# Coefficients of cusp forms satisfy $a_n=O(n^k)$

Suppose f is a modular cusp form of weight 2k. I want to show that $$a_n=O(n^k)$$ where $$f(s)=\sum_{n=1}^\infty a_ne^{2\pi ins}$$

I was reading through the proof of the statement in the following link(Theorem 1.3): https://www2.math.ethz.ch/education/bachelor/seminars/ws0607/modular-forms/Dirichlet_Series.pdf

However, I came across the following statement in the proof:

Here $$\phi(x)$$ is a function defined on the upper half plane with $$f$$ being the modular function and $$Im(s)=y$$. The condition that $$\phi(x)\rightarrow 0$$ as $$y\rightarrow 0$$ only implies that $$\phi(x)$$ is bounded for some $$y>y_0$$. How does that translate to $$\phi$$ being bounded on the entire half plane?

Edit: Hecke Bound for Cusp - Modular Forms The link provides a lemma which states that $$\phi(s)$$ is in variant under the action of $$\gamma \in SL_2(\mathbb Z)$$.

I think this means if we can find a $$\gamma$$ that acts by moving up every element in the half plane we are done. So does anyone have such a $$\gamma$$ in mind?

For $$\gamma\in SL_2(\Bbb{R})$$,$$\Im(\gamma(z))=|cz+d|^{-2}\Im(z)$$
Thus if $$f\in M_k(\Gamma)$$ then $$\phi(z)=|f(z)|\Im(z)^{k/2}$$ satisfies $$\forall \gamma\in \Gamma,\qquad \phi(\gamma(z))= \phi(z)$$ Whence it suffices that $$\phi$$ is bounded at the finitely many cusps (which happens when $$f$$ is a cusp form) to get that it is bounded everywhere.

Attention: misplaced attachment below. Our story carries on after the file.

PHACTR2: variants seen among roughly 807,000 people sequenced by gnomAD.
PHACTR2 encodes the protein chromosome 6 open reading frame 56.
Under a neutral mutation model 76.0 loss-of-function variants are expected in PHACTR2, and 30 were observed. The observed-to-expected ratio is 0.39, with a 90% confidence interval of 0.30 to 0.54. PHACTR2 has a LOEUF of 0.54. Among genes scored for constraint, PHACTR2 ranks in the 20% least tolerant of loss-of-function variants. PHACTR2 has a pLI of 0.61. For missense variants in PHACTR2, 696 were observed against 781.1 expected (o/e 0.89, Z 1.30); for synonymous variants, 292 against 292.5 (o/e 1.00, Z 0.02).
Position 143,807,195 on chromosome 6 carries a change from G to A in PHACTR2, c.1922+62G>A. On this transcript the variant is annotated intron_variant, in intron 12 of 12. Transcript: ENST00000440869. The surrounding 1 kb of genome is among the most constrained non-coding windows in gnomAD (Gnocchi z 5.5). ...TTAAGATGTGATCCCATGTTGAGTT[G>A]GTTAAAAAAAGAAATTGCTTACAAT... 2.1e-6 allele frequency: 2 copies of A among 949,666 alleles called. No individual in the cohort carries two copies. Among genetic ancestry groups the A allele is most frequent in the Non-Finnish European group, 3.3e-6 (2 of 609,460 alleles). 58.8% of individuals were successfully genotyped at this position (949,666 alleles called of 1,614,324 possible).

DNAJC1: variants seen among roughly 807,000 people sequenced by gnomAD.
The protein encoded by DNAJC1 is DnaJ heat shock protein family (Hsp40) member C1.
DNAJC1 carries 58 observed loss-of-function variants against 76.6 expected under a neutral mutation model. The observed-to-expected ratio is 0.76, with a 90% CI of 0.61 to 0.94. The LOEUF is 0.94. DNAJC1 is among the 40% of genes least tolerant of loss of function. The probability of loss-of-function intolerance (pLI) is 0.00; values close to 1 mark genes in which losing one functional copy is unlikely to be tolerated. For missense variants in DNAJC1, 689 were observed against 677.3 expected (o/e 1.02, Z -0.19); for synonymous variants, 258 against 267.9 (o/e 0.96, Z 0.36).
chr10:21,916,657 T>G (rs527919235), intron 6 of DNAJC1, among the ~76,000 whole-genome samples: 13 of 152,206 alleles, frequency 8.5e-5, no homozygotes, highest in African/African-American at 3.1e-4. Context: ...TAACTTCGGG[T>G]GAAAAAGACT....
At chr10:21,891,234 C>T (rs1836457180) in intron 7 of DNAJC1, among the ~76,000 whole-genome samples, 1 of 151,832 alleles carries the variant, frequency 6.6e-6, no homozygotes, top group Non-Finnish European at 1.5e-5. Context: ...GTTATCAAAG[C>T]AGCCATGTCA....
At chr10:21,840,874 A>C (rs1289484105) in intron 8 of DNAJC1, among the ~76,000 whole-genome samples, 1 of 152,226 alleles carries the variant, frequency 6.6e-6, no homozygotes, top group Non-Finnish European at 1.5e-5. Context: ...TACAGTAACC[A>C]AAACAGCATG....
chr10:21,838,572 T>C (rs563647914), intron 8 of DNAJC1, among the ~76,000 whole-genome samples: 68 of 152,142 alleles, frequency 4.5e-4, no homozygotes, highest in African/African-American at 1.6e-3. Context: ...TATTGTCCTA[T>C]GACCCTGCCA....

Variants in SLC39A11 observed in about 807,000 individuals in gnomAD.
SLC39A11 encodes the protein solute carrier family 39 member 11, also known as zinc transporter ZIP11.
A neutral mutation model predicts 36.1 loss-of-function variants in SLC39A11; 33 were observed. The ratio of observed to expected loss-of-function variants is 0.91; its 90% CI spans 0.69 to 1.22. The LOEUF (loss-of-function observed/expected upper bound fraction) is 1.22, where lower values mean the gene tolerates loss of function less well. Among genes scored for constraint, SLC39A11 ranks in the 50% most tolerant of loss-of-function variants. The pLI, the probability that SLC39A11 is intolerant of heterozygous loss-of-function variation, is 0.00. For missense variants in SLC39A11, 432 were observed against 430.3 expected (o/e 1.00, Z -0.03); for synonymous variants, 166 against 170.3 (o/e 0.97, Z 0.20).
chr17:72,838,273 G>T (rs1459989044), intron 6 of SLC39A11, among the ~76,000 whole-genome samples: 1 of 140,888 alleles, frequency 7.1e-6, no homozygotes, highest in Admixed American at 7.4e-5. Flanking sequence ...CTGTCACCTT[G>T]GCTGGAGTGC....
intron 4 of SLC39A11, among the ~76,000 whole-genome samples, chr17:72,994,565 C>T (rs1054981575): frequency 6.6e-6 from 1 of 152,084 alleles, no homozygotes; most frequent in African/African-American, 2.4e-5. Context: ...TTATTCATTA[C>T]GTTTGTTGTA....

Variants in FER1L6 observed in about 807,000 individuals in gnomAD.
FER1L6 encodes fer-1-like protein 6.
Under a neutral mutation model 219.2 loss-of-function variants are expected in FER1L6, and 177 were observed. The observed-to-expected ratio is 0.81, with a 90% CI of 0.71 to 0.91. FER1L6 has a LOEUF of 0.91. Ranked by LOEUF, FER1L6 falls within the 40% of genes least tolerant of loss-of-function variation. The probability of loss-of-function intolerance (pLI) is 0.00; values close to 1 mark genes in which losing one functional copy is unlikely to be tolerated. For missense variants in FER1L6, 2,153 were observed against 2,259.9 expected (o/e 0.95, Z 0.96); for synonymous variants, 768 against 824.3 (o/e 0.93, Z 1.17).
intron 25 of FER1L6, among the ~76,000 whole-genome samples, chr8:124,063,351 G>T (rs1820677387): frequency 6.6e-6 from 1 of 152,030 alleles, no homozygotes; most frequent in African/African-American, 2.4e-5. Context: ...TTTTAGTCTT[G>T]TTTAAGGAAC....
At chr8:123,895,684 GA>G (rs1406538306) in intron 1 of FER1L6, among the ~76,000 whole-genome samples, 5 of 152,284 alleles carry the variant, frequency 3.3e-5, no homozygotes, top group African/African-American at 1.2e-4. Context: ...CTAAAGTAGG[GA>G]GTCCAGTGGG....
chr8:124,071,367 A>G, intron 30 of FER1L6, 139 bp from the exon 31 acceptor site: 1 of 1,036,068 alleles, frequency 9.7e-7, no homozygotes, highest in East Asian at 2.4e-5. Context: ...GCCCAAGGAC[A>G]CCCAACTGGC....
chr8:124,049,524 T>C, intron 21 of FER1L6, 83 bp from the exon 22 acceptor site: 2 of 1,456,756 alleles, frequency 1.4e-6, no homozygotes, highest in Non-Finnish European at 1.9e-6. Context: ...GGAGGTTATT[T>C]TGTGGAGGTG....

• Thanks for the answer. i know that $\phi (z)$ is bounded for $I(z)>\tau$ ($\tau$ large enough). So if there is a $\gamma$ that increases the imaginary part of z i.e $Im(\gamma z)>Im(z)$ that would suffice to show that $\phi$ is bounded on the upper half plane right? Commented Jan 16, 2020 at 13:45
• Do you know of any such $\gamma$ Commented Jan 16, 2020 at 13:46
• The upper half plane is covered by the $SL_2(Z)$ translates of the fundamental domain $\Re(z)\in [-1/2,1/2],|z|\ge 1$ en.wikipedia.org/wiki/… Commented Jan 16, 2020 at 13:50
• Thanks for the answer but I would like to clarify a few things since I'm new to modular forms. By the fundamental domain - ($R(z)\in [-1/2,1/2],|z|\geq 1$) - do you mean the set of representatives of the orbits generated by the group action of $SL_2(\mathbb Z)$ on the half plane? If so this means that every element in the half plane can be reached by the action on the fundamental domain. Since the fundamental domain can be bounded the entire half plane is bounded? Commented Jan 16, 2020 at 14:20
• Since $\phi$ is $SL_2(Z)$ invariant and bounded on the fundamental domain then it is bounded everywhere Commented Jan 16, 2020 at 14:23